New Creedmoor Bank
by Sy Schreckinger – ANTIQUE TOY WORLD Magazine – December,
Unique and ingenious are descriptions befitting
a creation that demonstrates the triumph of Yankee ingenuity. Viewing the
"New Creedmoor Bank" represented in Figure 1, the phrase "mix and match"
comes to mind. It was the clever integration of components from two
different mechanicals which produced a third distinctly disparate example.
On November 6, 1877, Mr. James H. Bowen of Philadelphia, Pennsylvania
had been granted Patent number
196,870 for his "Creedmoor Bank" (Figure
2). The subject of his invention was a rifle-wielding marksman firing a
coin into a targeted tree trunk. Bowen subsequently assigned manufacturing
rights to the J. and E. Stevens Company of Cromwell, Connecticut. Stevens
produced the bank for several years, during which time the mechanical
enjoyed unrivaled popularity.
It is generally assumed that in, or about, the year 1890, sales of
the "Creedmoor Bank" began to wane. In a feeble attempt to freshen the
merchandise, J. and E. Stevens implemented two major modifications.
Firstly, the figure of the "Creedmoor" soldier was replaced with the
figure of a Tyrolean rifle man, and secondly, a new designation was
incorporated upon the top of the "Creedmoor" base. The "New Creedmoor
Bank" was now ready to be introduced as part of Stevens' virgin line of
mechanicals. Interestingly, a Selchow and Righter toy jobber's catalog,
circa 1894, advertised the "New Creedmoor" as the "Tyrolese Bank." Its
selling price was $8.50 per dozen (Figure 3).
The life span of the "New Creedmoor Bank" was relatively short and
unimpressive. However, its resurrection occurred in the appearance of yet
another mechanical bank, one invented by Russell Frisbee, partner and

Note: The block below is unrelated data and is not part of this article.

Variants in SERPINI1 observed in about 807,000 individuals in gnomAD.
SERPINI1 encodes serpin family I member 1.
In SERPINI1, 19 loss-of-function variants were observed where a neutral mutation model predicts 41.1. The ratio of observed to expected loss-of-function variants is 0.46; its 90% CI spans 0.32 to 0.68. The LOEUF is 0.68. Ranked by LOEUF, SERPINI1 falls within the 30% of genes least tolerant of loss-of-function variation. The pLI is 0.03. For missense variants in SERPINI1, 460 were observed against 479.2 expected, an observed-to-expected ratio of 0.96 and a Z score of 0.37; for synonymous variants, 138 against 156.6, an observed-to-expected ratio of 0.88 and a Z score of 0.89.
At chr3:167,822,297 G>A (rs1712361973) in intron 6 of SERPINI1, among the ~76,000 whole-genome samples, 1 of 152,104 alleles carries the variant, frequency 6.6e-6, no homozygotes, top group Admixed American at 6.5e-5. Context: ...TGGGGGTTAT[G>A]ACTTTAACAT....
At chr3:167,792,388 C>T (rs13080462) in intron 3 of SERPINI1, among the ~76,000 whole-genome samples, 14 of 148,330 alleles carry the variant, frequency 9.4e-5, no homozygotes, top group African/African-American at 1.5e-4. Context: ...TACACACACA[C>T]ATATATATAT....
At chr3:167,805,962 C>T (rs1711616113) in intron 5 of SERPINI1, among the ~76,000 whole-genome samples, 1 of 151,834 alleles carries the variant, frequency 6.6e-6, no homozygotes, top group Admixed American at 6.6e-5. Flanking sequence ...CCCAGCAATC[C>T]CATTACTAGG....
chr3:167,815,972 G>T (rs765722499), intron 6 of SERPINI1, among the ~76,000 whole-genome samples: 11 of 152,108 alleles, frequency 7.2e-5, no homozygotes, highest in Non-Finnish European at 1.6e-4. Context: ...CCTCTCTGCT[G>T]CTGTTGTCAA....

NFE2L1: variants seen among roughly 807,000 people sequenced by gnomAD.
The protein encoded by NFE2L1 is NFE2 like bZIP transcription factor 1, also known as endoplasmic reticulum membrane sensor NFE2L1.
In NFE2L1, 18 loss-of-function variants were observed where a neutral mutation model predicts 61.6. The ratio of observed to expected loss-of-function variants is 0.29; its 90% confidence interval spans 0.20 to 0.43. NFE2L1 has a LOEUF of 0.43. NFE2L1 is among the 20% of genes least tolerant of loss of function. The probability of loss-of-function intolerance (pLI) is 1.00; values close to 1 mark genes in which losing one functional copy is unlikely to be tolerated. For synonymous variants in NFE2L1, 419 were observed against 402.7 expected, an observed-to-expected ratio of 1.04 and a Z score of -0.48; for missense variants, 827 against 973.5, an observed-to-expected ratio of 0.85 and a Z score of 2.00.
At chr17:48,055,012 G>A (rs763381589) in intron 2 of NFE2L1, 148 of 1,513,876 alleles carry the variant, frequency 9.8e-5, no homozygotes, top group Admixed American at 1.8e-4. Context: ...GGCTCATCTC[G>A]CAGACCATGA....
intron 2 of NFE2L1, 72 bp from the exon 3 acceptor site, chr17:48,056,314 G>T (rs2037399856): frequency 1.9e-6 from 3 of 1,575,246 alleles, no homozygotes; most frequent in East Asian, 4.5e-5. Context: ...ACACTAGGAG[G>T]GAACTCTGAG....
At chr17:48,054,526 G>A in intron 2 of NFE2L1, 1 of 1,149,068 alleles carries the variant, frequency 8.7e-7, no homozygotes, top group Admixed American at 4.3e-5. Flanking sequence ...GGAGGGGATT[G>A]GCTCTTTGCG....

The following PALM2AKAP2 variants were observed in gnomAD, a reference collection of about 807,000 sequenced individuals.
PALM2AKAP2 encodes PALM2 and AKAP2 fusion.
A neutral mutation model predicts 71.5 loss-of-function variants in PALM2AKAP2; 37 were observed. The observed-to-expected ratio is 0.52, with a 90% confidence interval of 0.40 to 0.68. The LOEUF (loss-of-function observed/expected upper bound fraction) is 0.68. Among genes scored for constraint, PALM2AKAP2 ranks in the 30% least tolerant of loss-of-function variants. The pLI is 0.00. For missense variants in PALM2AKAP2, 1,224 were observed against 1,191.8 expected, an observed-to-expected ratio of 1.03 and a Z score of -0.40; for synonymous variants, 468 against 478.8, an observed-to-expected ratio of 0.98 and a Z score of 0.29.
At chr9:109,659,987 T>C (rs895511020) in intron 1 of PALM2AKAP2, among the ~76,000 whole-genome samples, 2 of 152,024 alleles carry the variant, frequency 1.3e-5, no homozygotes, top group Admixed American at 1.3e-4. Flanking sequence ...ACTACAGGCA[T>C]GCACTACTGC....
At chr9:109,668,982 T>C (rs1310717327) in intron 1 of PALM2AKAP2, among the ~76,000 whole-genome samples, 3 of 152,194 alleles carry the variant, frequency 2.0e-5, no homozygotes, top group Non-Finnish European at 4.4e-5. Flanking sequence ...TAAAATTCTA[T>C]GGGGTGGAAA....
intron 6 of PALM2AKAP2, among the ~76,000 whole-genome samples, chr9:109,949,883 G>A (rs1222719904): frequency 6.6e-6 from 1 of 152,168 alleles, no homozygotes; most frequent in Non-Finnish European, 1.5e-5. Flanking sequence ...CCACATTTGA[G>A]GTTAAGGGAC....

chief designer at the J. and E. Stevens Company. His "William Tell Bank"
utilized the Tyrolese figure from the "New Creedmoor" by having it placed
upon a newly designed base that differed totally from its predecessor. On
June 23, 1896, Frisbee was granted Design Patent No. 25,662 (Figure 4) for
Action of the "New Creedmoor Bank" is effective and apropos to its
subject: the coin-propelling slide atop the rifle is pulled back into
position. Simultaneously, the head of the rifleman tilts forward, as if
taking aim. A coin is then placed in front of the slide. Upon pressing the
right foot, the coin is thrust through the slot in the tree trunk. The
rifleman's head abruptly tilts backwards, as if recoiling from the gun's
discharge. As described in the J. and E. Stevens flyers for both the
"Creedmoor" and "William Tell" banks (Figures 5 and 6), the action may be
enhanced by inserting a paper cap to simulate the sound of a gunshot, thus
adding a touch of realism. Deposits are removed by opening the round
Stevens' coin retainer underneath the base of the bank.
The "New Creedmoor" (Figure 1) is an attractive addition to a
collection. It is particularly interesting when viewed between a
"Creedmoor Bank" and "William Tell Bank." Although "New Creedmoor" is
considered quite common, locating one in superb, all original condition is
a challenging task for the mechanical bank aficionado.
There are no color and/or casting variations of "New Creedmoor" and,
to my knowledge, the bank has never been reproduced. Figure 7 is a base
diagram of the "New Creedmoor." If a recast were to exist, it would appear
approximately one-quarter inch shorter in length O.D. than indicated.
Acknowledgement: The "New Creedmoor Bank" (Figure 1) is from the
collection of Steve and Marilyn Steckbeck.
NOTE: Due to typographical error in the title "Creedmoor Bank"
(article, November 2000 issue of Antique Toy World) the article will be
republished in its entirety in the
January 2001 issue.